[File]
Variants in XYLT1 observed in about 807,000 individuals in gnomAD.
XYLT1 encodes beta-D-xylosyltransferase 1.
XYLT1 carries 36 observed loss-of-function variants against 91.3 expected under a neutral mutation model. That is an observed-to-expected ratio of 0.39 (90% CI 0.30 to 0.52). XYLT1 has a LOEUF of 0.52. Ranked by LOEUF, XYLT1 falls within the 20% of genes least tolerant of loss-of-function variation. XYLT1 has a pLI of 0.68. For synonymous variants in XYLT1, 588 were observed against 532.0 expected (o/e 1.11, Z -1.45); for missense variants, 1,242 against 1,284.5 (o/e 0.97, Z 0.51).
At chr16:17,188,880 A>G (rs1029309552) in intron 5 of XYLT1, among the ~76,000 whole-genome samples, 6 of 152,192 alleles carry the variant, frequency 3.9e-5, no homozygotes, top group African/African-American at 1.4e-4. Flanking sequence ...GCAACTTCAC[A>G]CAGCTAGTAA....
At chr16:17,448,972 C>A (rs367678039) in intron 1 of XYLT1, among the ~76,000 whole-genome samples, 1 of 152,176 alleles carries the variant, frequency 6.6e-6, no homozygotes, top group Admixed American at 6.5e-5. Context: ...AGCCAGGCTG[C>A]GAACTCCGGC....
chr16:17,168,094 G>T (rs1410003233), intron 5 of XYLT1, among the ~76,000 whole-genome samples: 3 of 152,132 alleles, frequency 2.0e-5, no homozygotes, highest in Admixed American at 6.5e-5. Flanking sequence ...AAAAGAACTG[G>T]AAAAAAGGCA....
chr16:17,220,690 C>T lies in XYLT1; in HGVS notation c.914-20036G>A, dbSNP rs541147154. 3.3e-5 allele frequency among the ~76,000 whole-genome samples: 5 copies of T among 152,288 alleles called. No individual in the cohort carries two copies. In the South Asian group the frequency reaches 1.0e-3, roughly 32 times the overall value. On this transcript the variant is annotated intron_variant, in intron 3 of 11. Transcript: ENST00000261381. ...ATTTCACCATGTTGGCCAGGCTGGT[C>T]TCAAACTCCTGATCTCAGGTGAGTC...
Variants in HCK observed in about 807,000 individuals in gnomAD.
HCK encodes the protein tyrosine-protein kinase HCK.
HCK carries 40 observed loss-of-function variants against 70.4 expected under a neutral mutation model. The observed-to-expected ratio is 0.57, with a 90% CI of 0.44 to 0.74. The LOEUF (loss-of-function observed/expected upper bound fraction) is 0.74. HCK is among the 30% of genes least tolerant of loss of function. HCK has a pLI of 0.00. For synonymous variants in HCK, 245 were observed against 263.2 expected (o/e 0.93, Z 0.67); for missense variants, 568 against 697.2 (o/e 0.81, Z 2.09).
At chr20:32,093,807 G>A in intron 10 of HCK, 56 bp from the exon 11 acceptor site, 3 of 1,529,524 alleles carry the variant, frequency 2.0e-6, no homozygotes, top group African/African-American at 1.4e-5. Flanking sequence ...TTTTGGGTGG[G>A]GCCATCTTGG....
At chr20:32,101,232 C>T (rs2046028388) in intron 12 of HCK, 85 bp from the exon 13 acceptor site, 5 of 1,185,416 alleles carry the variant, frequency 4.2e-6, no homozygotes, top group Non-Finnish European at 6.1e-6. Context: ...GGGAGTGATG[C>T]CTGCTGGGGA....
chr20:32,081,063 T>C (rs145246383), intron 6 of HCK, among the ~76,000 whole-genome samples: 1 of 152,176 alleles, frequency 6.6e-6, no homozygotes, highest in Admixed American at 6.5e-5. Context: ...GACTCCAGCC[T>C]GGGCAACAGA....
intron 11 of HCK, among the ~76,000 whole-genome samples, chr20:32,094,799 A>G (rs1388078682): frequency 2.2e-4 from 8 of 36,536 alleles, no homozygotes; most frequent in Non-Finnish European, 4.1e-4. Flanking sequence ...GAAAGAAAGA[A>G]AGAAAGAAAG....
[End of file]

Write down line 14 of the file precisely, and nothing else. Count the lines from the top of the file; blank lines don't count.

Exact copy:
intron 11 of HCK, among the ~76,000 whole-genome samples, chr20:32,094,799 A>G (rs1388078682): frequency 2.2e-4 from 8 of 36,536 alleles, no homozygotes; most frequent in Non-Finnish European, 4.1e-4. Flanking sequence ...GAAAGAAAGA[A>G]AGAAAGAAAG....